Just two weeks prior to our trip we were given the pathology results from my lung resection to remove three tumors that the doctors believed were lung cancer. They shockingly reported the cells were consistent with pancreas cancer. The news hit us hard in the gut. The pancreas cancer had metastasized to my lungs. Now the trip took on even more meaning.

Our hotel was situated in the center of Naples overlooking the port. When we explained to our driver what we were doing, he was sure to point out a beautiful but vacant building at the edge of the port where Luigi Zitiello passed thru in 1906 before boarding the ship that would carry them to their destination, in his case Ellis Island. We shared our research and the addresses we wished to locate once we arrived in Riardo. He seemed to share in our excitement and was eager to help us.

We spent some time sitting in the piazza and just walking the cobblestone steps where Tom’s ancestors had walked before us. My heart was filled as I watched our children and grandchildren stare at the beauty of this ancient city, near Caserta, the home of the Royal Palace.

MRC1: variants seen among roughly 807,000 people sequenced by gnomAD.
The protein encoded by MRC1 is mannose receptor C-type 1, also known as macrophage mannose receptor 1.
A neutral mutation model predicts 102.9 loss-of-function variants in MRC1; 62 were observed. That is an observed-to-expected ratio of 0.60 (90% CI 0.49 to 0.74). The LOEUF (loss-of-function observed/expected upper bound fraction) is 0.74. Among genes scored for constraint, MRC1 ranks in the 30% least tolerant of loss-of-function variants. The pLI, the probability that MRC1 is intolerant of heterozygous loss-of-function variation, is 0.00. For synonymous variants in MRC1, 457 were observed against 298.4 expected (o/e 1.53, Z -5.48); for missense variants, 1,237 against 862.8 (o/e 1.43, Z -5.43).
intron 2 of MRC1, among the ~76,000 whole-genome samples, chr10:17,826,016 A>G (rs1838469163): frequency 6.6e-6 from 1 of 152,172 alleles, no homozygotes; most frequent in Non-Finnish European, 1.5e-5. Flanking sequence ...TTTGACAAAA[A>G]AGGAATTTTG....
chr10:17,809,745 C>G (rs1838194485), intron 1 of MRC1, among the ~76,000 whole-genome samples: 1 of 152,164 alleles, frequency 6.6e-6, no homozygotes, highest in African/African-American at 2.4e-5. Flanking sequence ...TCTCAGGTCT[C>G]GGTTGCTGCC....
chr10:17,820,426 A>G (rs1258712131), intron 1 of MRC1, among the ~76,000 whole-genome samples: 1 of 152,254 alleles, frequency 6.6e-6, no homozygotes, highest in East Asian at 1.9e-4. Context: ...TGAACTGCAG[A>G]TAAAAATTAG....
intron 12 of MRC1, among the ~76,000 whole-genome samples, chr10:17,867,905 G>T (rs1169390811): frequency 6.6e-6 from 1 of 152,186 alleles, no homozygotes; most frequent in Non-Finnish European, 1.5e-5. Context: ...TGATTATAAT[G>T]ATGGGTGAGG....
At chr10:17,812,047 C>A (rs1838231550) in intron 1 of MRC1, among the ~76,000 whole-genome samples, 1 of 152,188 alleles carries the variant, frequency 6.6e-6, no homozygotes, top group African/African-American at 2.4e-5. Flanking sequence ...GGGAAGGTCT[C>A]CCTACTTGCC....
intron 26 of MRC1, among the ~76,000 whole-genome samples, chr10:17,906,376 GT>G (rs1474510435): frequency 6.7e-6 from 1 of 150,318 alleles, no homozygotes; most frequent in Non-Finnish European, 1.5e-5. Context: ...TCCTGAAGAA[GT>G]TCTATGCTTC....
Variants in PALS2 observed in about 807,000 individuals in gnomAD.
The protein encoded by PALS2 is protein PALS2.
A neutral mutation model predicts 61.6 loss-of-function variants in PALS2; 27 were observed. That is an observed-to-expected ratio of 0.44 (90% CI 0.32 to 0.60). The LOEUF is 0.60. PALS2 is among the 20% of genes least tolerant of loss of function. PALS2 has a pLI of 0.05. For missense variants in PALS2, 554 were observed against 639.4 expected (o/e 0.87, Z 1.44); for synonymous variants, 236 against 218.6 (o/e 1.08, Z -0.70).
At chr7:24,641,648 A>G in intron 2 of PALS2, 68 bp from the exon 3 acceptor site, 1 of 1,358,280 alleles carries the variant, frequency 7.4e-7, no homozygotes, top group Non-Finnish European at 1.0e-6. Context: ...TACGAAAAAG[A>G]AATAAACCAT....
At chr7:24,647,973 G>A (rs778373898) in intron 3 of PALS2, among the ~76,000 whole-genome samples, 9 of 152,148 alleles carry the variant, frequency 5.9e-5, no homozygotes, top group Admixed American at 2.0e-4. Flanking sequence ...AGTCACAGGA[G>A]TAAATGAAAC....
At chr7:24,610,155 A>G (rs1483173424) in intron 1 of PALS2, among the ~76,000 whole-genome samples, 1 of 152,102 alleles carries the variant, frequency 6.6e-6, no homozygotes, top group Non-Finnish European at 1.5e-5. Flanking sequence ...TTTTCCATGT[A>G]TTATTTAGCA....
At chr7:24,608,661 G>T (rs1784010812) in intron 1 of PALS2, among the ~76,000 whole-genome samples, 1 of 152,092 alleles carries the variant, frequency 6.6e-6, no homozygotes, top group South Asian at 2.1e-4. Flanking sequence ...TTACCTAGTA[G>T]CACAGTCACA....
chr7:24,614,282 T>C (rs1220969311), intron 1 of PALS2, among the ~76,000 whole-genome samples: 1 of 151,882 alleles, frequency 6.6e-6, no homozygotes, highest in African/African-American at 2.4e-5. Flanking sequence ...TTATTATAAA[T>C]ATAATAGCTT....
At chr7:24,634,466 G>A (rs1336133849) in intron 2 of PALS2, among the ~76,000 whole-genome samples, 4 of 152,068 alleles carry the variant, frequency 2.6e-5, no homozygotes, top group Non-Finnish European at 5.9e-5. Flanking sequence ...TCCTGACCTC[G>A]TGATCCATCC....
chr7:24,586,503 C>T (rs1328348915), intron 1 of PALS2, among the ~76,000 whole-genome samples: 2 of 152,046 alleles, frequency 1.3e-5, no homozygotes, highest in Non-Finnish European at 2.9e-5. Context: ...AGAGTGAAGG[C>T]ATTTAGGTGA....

Those many conversations with Tommy’s Dad about his family at my breakfast table while I reviewed Ancestry hints for accuracy had paid off. We had found our way to the root of our children’s family tree. It was a day I will never forget.

On the steps in Riardo

Waiting on pathology…

Waiting on pathology…

Living every day to the fullest

The day before my scheduled VATS (video-assisted thoracic surgery) to remove three nodules that were suspected of being lung cancer went smoothly. 7AM I found myself on the 8th floor for a fasting blood draw and vitals. Then on to another floor for pulmonary testing to determine my lung capacity prior to surgery. The technician shared surprisingly, “Your lungs tested great. You have perfect lung capacity.” Check.